Too often the found footage conceit is abandoned outright, in spite of people still talking about “recording” or “capturing footage.” Callies’ character, Allison, talks to her daughter at one point – because we have to find a way to interject humanity into these cardboard characters – with someone/something filming her. Who is this person? A valid question considering two out of the three people she’s been with are seen behind her! Later on, the movie shows us an unnamed fifth storm chaser, apparently there the whole time but never warranting a name, whose job description is holding the camera in order to keep up the ruse of recording. The worst offense is this just doesn’t look anything like a found footage movie; there’s no grain, no camera movement (not every camera can logically be on a tripod), nothing. I’m all for avoiding shakey cam, but this looks like a movie filmed on a professional movie camera. Eliminating the found footage premise wouldn’t have fixed everything, but I’d have at least bought that the director didn’t believe the audience was stupid enough to believe it’s found footage.
But who cares how it’s filmed when it’s so laughable! Several characters shout “TORNADO!” as if we’re going to assume this is a movie about earthquakes or something else un-tornadolike, and Silverton is a magical world where cell phones and recording equipment survive massive amounts of water damage. There’s also a weird, vaguely political subtext with the town’s high school principle resembling President Obama, and, of course, he’s the doubter who thinks the tornadoes aren’t that bad. The man drones on during the graduation, even after hailstones and the tornado warning go off! The ending sequence also includes a hammy moment of selfish characters realizing they must live life to the fullest and appreciate family.
You may be “what’s the point of following these tornadoes?” For all this talk of family and trying to find ways to create fleshed-out people, wouldn’t it be obvious to explore what drives storm chasers to risk their lives? Unfortunately, the storm chasers have zero motivation for following these storms. Storm leader, Pete (Walsh) wants to make money, but the rest of the characters aren’t even given that incentive. Hell, the hillbillies dreaming of YouTube hits have a more compelling reason for putting their lives on the line than committed professionals. Allison says she hopes to “stop these tornadoes” before they end up somewhere they’re not supposed to be….like Los Angeles. Yes, this film seemingly talks about tornadoes as if they’re living persons. Much like Twister where Helen Hunt thought tornadoes had a personal vendetta against her. At least the script knows that sounds stupid because the movie ends and the tornadoes live to see another day.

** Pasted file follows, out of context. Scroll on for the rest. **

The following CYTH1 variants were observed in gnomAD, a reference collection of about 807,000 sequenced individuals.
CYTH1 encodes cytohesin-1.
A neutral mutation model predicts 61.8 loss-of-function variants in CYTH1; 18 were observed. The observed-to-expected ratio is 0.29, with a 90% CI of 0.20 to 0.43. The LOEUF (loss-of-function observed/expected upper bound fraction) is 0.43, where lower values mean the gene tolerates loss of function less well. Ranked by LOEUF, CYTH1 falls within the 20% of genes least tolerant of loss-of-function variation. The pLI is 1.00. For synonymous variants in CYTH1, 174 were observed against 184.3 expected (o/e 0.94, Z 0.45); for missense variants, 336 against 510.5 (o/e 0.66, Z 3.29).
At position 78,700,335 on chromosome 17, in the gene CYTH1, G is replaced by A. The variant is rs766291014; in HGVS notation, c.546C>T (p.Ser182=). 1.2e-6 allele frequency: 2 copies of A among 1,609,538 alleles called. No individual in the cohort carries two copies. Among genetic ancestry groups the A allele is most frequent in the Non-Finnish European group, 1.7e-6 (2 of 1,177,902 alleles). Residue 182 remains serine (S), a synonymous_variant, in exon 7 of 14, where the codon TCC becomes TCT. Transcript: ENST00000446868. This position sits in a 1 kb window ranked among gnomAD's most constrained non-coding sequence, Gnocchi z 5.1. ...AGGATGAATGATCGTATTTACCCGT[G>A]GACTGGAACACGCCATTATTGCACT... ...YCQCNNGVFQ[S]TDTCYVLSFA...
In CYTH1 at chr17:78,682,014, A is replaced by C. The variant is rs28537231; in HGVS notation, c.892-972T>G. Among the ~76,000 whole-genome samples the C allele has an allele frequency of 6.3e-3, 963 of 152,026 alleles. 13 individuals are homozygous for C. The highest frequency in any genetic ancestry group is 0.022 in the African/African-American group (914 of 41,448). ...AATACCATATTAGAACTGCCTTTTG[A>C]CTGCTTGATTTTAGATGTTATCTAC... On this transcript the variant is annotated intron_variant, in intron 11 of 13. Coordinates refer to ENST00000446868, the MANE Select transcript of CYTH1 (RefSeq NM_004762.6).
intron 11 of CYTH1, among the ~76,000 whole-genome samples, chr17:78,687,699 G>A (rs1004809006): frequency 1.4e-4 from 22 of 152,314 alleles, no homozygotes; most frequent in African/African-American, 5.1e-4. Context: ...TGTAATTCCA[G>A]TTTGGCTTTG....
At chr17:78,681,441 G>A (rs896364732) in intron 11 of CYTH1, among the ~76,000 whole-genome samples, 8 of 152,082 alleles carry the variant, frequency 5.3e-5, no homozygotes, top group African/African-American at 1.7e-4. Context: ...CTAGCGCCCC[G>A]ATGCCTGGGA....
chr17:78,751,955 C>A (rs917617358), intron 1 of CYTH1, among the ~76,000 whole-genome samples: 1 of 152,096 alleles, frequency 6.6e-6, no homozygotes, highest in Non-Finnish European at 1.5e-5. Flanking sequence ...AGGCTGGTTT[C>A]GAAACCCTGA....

All of this sounds negative, but in the final analysis Into the Storm is hilarious fun. Everything about this film is depicted in a larger-than-life manner, despite hilarious lines and zero depth, and yet it keeps you entertained. I couldn’t stop laughing about the movie and my companions who went with me all said it was worth experiencing. Negativity and making fun of a movie might not be enough reason to plunk down money opening night, but it’s certainly worth getting some friends together for pizza and having a Redbox night.